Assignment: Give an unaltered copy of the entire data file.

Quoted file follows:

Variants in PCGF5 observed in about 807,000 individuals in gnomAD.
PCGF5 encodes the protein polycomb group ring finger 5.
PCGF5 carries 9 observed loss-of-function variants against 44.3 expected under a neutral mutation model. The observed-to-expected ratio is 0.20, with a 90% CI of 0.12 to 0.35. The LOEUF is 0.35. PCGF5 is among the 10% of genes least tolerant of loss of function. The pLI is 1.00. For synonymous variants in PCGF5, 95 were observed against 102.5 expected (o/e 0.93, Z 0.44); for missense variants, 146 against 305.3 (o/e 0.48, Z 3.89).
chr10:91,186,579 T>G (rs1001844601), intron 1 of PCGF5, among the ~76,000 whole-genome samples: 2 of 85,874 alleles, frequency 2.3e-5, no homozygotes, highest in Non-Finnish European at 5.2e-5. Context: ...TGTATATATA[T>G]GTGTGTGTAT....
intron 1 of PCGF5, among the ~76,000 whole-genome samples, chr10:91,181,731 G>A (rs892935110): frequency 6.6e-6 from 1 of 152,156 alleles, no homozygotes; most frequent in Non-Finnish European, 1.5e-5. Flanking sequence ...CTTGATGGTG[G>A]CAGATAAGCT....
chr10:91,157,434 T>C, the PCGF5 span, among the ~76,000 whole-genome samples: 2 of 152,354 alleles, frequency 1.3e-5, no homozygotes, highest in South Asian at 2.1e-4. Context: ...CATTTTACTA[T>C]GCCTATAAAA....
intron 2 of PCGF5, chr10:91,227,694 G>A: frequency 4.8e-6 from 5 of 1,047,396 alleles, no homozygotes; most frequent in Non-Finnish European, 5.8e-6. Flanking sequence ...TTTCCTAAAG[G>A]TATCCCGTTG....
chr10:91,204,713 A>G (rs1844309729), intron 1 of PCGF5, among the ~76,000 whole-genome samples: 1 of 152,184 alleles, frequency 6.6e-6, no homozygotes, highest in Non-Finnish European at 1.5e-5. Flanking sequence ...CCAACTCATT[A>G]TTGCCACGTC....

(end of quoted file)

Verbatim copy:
Variants in PCGF5 observed in about 807,000 individuals in gnomAD.
PCGF5 encodes the protein polycomb group ring finger 5.
PCGF5 carries 9 observed loss-of-function variants against 44.3 expected under a neutral mutation model. The observed-to-expected ratio is 0.20, with a 90% CI of 0.12 to 0.35. The LOEUF is 0.35. PCGF5 is among the 10% of genes least tolerant of loss of function. The pLI is 1.00. For synonymous variants in PCGF5, 95 were observed against 102.5 expected (o/e 0.93, Z 0.44); for missense variants, 146 against 305.3 (o/e 0.48, Z 3.89).
chr10:91,186,579 T>G (rs1001844601), intron 1 of PCGF5, among the ~76,000 whole-genome samples: 2 of 85,874 alleles, frequency 2.3e-5, no homozygotes, highest in Non-Finnish European at 5.2e-5. Context: ...TGTATATATA[T>G]GTGTGTGTAT....
intron 1 of PCGF5, among the ~76,000 whole-genome samples, chr10:91,181,731 G>A (rs892935110): frequency 6.6e-6 from 1 of 152,156 alleles, no homozygotes; most frequent in Non-Finnish European, 1.5e-5. Flanking sequence ...CTTGATGGTG[G>A]CAGATAAGCT....
chr10:91,157,434 T>C, the PCGF5 span, among the ~76,000 whole-genome samples: 2 of 152,354 alleles, frequency 1.3e-5, no homozygotes, highest in South Asian at 2.1e-4. Context: ...CATTTTACTA[T>C]GCCTATAAAA....
intron 2 of PCGF5, chr10:91,227,694 G>A: frequency 4.8e-6 from 5 of 1,047,396 alleles, no homozygotes; most frequent in Non-Finnish European, 5.8e-6. Flanking sequence ...TTTCCTAAAG[G>A]TATCCCGTTG....
chr10:91,204,713 A>G (rs1844309729), intron 1 of PCGF5, among the ~76,000 whole-genome samples: 1 of 152,184 alleles, frequency 6.6e-6, no homozygotes, highest in Non-Finnish European at 1.5e-5. Flanking sequence ...CCAACTCATT[A>G]TTGCCACGTC....